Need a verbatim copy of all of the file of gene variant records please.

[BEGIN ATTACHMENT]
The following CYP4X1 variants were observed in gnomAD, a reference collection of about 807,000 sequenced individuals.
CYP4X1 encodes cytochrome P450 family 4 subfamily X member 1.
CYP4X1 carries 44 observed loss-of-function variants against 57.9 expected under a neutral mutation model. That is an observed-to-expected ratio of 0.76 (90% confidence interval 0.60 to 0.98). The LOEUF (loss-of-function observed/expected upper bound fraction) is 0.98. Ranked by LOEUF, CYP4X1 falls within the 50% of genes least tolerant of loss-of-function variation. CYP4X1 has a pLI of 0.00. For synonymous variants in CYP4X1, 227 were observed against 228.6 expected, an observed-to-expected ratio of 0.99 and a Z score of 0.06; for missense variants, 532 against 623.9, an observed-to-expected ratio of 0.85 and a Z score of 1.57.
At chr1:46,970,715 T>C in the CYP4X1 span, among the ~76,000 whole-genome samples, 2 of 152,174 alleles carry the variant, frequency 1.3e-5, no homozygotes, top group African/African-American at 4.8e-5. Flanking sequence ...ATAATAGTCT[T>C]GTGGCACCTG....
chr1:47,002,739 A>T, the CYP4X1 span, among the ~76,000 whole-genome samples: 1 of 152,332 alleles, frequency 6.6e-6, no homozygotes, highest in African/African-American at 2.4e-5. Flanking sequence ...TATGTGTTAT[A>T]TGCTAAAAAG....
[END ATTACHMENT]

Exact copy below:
The following CYP4X1 variants were observed in gnomAD, a reference collection of about 807,000 sequenced individuals.
CYP4X1 encodes cytochrome P450 family 4 subfamily X member 1.
CYP4X1 carries 44 observed loss-of-function variants against 57.9 expected under a neutral mutation model. That is an observed-to-expected ratio of 0.76 (90% confidence interval 0.60 to 0.98). The LOEUF (loss-of-function observed/expected upper bound fraction) is 0.98. Ranked by LOEUF, CYP4X1 falls within the 50% of genes least tolerant of loss-of-function variation. CYP4X1 has a pLI of 0.00. For synonymous variants in CYP4X1, 227 were observed against 228.6 expected, an observed-to-expected ratio of 0.99 and a Z score of 0.06; for missense variants, 532 against 623.9, an observed-to-expected ratio of 0.85 and a Z score of 1.57.
At chr1:46,970,715 T>C in the CYP4X1 span, among the ~76,000 whole-genome samples, 2 of 152,174 alleles carry the variant, frequency 1.3e-5, no homozygotes, top group African/African-American at 4.8e-5. Flanking sequence ...ATAATAGTCT[T>C]GTGGCACCTG....
chr1:47,002,739 A>T, the CYP4X1 span, among the ~76,000 whole-genome samples: 1 of 152,332 alleles, frequency 6.6e-6, no homozygotes, highest in African/African-American at 2.4e-5. Flanking sequence ...TATGTGTTAT[A>T]TGCTAAAAAG....